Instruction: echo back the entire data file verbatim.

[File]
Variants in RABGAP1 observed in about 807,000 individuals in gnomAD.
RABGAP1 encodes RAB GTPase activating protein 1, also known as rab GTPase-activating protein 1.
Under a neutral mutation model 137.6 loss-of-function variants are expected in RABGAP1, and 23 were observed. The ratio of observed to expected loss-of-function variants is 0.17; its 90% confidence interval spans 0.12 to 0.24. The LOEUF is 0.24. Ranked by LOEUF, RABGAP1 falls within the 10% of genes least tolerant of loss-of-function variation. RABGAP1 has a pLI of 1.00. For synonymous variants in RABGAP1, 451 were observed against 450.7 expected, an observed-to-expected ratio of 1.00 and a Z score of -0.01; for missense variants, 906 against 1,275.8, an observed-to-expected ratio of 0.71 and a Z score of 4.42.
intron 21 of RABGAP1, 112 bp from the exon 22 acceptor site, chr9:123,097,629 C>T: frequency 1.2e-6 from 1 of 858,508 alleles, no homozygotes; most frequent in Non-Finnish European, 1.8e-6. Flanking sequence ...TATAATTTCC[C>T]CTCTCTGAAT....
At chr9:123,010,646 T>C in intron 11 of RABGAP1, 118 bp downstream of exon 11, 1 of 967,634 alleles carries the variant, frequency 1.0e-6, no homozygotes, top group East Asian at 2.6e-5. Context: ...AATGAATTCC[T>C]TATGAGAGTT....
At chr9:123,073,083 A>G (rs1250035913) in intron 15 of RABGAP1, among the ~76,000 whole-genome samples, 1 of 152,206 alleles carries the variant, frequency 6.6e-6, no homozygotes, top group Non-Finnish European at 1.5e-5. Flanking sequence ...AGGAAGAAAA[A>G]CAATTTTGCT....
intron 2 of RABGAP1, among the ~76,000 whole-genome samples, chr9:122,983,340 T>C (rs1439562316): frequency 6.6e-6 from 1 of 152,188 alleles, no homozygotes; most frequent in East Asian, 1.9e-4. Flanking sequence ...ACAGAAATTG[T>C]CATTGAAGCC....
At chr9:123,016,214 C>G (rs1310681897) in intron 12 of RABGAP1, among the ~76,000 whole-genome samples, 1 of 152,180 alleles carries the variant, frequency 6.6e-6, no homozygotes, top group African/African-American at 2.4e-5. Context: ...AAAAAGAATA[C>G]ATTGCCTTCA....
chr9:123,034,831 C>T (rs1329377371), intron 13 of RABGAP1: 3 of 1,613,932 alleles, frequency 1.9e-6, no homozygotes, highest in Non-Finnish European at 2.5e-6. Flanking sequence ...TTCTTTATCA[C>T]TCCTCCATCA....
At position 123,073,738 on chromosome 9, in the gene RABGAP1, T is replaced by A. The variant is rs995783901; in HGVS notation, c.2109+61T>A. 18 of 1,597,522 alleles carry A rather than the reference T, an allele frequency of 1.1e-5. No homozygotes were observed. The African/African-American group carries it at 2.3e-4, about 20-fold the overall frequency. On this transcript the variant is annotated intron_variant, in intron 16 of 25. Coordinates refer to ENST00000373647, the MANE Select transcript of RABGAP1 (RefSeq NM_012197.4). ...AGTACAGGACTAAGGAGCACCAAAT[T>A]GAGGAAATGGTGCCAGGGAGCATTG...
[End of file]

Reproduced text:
Variants in RABGAP1 observed in about 807,000 individuals in gnomAD.
RABGAP1 encodes RAB GTPase activating protein 1, also known as rab GTPase-activating protein 1.
Under a neutral mutation model 137.6 loss-of-function variants are expected in RABGAP1, and 23 were observed. The ratio of observed to expected loss-of-function variants is 0.17; its 90% confidence interval spans 0.12 to 0.24. The LOEUF is 0.24. Ranked by LOEUF, RABGAP1 falls within the 10% of genes least tolerant of loss-of-function variation. RABGAP1 has a pLI of 1.00. For synonymous variants in RABGAP1, 451 were observed against 450.7 expected, an observed-to-expected ratio of 1.00 and a Z score of -0.01; for missense variants, 906 against 1,275.8, an observed-to-expected ratio of 0.71 and a Z score of 4.42.
intron 21 of RABGAP1, 112 bp from the exon 22 acceptor site, chr9:123,097,629 C>T: frequency 1.2e-6 from 1 of 858,508 alleles, no homozygotes; most frequent in Non-Finnish European, 1.8e-6. Flanking sequence ...TATAATTTCC[C>T]CTCTCTGAAT....
At chr9:123,010,646 T>C in intron 11 of RABGAP1, 118 bp downstream of exon 11, 1 of 967,634 alleles carries the variant, frequency 1.0e-6, no homozygotes, top group East Asian at 2.6e-5. Context: ...AATGAATTCC[T>C]TATGAGAGTT....
At chr9:123,073,083 A>G (rs1250035913) in intron 15 of RABGAP1, among the ~76,000 whole-genome samples, 1 of 152,206 alleles carries the variant, frequency 6.6e-6, no homozygotes, top group Non-Finnish European at 1.5e-5. Flanking sequence ...AGGAAGAAAA[A>G]CAATTTTGCT....
intron 2 of RABGAP1, among the ~76,000 whole-genome samples, chr9:122,983,340 T>C (rs1439562316): frequency 6.6e-6 from 1 of 152,188 alleles, no homozygotes; most frequent in East Asian, 1.9e-4. Flanking sequence ...ACAGAAATTG[T>C]CATTGAAGCC....
At chr9:123,016,214 C>G (rs1310681897) in intron 12 of RABGAP1, among the ~76,000 whole-genome samples, 1 of 152,180 alleles carries the variant, frequency 6.6e-6, no homozygotes, top group African/African-American at 2.4e-5. Context: ...AAAAAGAATA[C>G]ATTGCCTTCA....
chr9:123,034,831 C>T (rs1329377371), intron 13 of RABGAP1: 3 of 1,613,932 alleles, frequency 1.9e-6, no homozygotes, highest in Non-Finnish European at 2.5e-6. Flanking sequence ...TTCTTTATCA[C>T]TCCTCCATCA....
At position 123,073,738 on chromosome 9, in the gene RABGAP1, T is replaced by A. The variant is rs995783901; in HGVS notation, c.2109+61T>A. 18 of 1,597,522 alleles carry A rather than the reference T, an allele frequency of 1.1e-5. No homozygotes were observed. The African/African-American group carries it at 2.3e-4, about 20-fold the overall frequency. On this transcript the variant is annotated intron_variant, in intron 16 of 25. Coordinates refer to ENST00000373647, the MANE Select transcript of RABGAP1 (RefSeq NM_012197.4). ...AGTACAGGACTAAGGAGCACCAAAT[T>A]GAGGAAATGGTGCCAGGGAGCATTG...